2. A hard drive with enough free space to store your entire current laptop hard drive on the temporary computer. (or a second USB external drive etc.)
3. a USB adaptor to plug your laptop drive into the temporary computer as a secondary drive (I use this one http://www.newegg.com/Product/Product.aspx?Item=N82E16812196455) (or sinceit is sata you can direct plug it as well)
4. Imaging software. There is the pay route, such as Symantec Ghost (which I prefer, but costs money) or the free route, such as Microsoft's ImageX. The latter is the one we will concentrate on.

So, getting imageX on a computer is a bit of a process. You need to first, download and then burn the ISO image to disk the free Windows Automated INstallation Kit (WAIK) for Windows 7 (http://www.microsoft.com/download/en/details.aspx?id=5753). ImageX is a part of that. If you don't know how to correctly burn an ISO image to a disk, this project is not for you.

Once you have your WAIK disk, pop it in the drive and install it. Once installation is completed, you can use ImageX to create and unpack *.wim image files. Including the boot.wim and install.wim of your windows 7 current installation. Thats complicated though, and its all command line, so we want to download and install on our temporary computer the imageX frontend GimageX, also free. http://www.autoitscript.com/site/autoit-tools/gimagex/ (there are others as well, this is one of the better ones)

From there, you capture your laptop drive (the source) to a storage location eith enough space (the destination). Call your image something you will remember what it is in the name field, use "fast" compression unless you like things taking alot longer than they should, ignore the rest of the variables, then hit "create". You might have to have the boot flag checked, I forget. Try it without the first time, and if that doesn't work, try it with.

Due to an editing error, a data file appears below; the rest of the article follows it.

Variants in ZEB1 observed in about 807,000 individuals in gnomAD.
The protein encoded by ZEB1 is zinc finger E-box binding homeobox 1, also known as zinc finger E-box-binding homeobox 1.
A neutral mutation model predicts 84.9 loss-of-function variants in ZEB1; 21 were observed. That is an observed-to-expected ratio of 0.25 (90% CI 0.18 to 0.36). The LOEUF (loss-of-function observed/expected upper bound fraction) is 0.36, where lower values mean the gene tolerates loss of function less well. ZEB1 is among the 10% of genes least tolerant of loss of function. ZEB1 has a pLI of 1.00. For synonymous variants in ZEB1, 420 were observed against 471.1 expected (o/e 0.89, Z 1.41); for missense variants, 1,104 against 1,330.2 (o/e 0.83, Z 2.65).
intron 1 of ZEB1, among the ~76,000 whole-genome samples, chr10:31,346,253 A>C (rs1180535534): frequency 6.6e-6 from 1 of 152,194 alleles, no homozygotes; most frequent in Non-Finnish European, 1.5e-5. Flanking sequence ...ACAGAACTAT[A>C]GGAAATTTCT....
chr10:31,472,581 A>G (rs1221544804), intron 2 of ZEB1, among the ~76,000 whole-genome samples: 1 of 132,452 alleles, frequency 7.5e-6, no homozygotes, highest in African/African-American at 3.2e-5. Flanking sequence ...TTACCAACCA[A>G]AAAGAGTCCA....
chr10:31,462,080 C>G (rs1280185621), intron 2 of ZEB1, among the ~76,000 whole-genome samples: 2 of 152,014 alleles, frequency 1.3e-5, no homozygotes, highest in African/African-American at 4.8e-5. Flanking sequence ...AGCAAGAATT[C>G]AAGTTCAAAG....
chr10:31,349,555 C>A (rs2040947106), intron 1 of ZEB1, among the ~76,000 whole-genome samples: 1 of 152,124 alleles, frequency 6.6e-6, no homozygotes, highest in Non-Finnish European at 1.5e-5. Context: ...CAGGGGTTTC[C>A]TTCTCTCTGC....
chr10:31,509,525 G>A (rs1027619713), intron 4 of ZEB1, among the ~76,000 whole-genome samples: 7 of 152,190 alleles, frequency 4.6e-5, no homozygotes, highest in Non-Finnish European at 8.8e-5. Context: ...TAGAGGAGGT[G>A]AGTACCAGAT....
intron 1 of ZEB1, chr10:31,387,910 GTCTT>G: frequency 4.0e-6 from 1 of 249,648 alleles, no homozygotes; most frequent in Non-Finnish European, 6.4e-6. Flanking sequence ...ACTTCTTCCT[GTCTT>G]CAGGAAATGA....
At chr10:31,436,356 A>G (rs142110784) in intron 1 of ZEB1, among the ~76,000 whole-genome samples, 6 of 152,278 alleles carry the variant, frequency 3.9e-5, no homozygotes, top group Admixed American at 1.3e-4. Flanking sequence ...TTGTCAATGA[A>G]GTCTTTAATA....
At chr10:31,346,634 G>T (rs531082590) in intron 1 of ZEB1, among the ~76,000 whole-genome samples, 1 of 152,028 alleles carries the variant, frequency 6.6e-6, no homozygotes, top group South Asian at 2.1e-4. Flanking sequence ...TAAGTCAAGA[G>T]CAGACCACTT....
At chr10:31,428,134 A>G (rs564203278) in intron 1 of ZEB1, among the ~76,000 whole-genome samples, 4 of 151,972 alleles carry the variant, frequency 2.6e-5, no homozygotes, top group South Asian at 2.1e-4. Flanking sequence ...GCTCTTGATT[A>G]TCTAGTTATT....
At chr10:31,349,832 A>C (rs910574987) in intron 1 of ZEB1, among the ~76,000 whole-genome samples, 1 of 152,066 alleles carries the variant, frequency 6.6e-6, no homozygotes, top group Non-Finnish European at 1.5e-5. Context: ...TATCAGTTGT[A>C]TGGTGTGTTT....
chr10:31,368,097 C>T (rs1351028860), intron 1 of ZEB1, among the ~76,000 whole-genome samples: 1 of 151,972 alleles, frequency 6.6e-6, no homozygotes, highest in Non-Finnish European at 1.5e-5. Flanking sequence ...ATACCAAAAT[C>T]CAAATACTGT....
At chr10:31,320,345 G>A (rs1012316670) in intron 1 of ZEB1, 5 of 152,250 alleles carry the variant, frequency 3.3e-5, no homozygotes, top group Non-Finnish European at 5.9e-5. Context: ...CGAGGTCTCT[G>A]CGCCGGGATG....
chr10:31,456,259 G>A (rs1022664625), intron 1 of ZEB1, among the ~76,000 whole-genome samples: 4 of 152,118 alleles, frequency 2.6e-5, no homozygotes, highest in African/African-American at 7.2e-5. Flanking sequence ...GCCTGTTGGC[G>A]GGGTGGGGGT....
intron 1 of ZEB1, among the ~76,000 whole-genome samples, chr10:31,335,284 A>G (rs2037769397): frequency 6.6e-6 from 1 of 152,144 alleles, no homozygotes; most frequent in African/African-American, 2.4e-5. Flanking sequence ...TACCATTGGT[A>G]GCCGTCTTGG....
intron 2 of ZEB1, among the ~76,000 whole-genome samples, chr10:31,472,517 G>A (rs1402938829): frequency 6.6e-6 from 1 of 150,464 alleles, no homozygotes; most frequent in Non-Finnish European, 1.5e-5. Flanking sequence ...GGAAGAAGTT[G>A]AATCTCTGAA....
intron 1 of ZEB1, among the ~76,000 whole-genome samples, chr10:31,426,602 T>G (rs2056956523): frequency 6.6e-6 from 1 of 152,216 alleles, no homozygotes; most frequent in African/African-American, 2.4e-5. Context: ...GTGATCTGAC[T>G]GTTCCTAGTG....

To write the image to your blank hard drive, unplug your old laptop hard drive (and I cannot stress that part enough, because if you overwrite your existing laptop hard drive with a broken image, you will be most unhappy) and plug in the new blank drive. format it if you need to to get it to show up in windows, etc, then use the "apply" tab. find wherever you stored the image you took, thats now the source, your blank drive is the destination (and be very, very careful you have the right hard drive. There is no undo here), then tell it to apply.

If you are successful after a few attempts, great, you passed! congratulate yourself. If you aren't getting a working image, it might be time to let someone else handle things.

Later, you can explore the wonderful world of "sysprep" and learn how to make your own hardware independant image that you can load on anything (even a toaster oven!). Thats the extreme advanced class though, and if successfull, can usually land you a job in an IT shop on its own.
____________________________
Arch Duke Kaolian Drachensborn, lvl 95 Ranger, Unrest Server
Tech support forum | FAQ (Support) | Mobile Zam: http://m.zam.com (Premium only)
Forum Rules
#7 Aug 01 2011 at 11:37 PM Rating: Good
*
88 posts
Thanks for all the info. I think I am going to go with that drive, since it appears to fit what I need. An SSD would be great but WAY to expensive. As for the OS, doing an image is way to much of a hassle. I think I am just going to get a disk. I have the code, so that isn't a problem, and I have a friend that has all of the 32 bit versions of 7. I hope he has a 64 bit. If not, then I am sure I can scavenge one from somewhere.
____________________________
Internuncio-n. pl. in·ter·nun·ci·os, A messenger or an agent; a go-between.
Reply To Thread

Colors Smileys Quote OriginalQuote Checked Help

 

Recent Visitors: 21 All times are in CDT
Anonymous Guests (21)